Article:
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New IVF technology to debut at San Diego clinic

Automated technology aims to make process safer
IVF Robot.png
Posted at 11:56 AM, Aug 13, 2019
and last updated 2019-08-14 16:02:09-04

SAN DIEGO (KGTV) - The San Diego Fertility Center will be the first in the nation to deploy new robotic technology that will help store, track and maintain frozen embryos for In-Vitro Fertilization.

The TMRW Robot will be in use by next month at the center in Carmel Valley. It will take 17,000 measurements every day to make sure the embryos are kept in prime conditions.

It also codes each embryo and egg with a specific Radio Frequency ID to make sure scientists can track each one.

"There needs to be this level of trust between the mother and father and the caretakers of their embryos," says Dr. Michael Kettel with the SDFC. "I think this goes one step further in building that trust."

Since IVF treatment began, most of the storage and measurements taken on embryos has been done by hand, in tanks that hold up to 1,000 samples. The TMRW Robot will have room for nearly 20,000 embryos and make the process fully automatic. Doctors say that will remove any possibility of human error.

"We can't make a mistake," says SDFC Laboratory Director Bill Venier. "This machine will not let us make a mistake."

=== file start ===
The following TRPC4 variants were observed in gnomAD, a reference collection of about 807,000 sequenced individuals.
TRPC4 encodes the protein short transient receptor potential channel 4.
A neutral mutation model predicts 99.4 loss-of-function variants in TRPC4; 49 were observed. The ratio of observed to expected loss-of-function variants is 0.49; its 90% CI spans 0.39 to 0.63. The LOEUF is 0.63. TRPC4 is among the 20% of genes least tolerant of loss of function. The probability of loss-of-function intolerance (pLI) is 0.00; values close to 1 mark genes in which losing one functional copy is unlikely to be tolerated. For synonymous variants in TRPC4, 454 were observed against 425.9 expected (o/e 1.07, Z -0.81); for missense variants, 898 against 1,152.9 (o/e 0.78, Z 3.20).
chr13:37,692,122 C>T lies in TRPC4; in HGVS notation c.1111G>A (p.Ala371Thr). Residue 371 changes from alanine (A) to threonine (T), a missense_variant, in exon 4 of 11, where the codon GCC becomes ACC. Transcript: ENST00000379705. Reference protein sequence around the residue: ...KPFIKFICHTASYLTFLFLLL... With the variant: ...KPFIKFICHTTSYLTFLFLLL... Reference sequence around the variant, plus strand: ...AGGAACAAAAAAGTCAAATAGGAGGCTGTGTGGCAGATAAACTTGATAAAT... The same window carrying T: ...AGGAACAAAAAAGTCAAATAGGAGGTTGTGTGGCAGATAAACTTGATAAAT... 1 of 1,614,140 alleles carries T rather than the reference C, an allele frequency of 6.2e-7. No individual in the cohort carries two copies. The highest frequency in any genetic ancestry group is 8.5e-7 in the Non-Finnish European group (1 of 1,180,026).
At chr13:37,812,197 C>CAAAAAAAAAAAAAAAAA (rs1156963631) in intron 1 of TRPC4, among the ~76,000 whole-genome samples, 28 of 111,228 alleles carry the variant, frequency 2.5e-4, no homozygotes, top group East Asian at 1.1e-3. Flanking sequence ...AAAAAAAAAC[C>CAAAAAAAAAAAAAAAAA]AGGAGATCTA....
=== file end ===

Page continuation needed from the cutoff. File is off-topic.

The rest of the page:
IVF mistakes have been in the news recently as families have filed lawsuits over embryos being given to the wrong parents. Venier says the TMRW Robot will all but eliminate the chance of that happening.

"We'll have 24/7, 365 (monitoring of) 17,000 data points to let us know everything is safe and is not going to be affected whatsoever," he says.

RELATED: Mother gives birth to other couples' babies because of IVF mix up

The technological leap forward was necessary as IVF pregnancies become more common. The CDC says 21 million people will use some kind of IVF method or storage by 2025. It also estimates that there will be 200-300 million babies born through IVF by the year 2100.

RELATED: IVF births expected to skyrocket this century

"I am certain you cannot go to a kindergarten class in San Diego where one of those children wasn't born through an IVF or some sort of fertility procedure," says Dr. Kettel.

For the San Diego Fertility Center, the new robot means they'll be at the forefront of the future of the industry.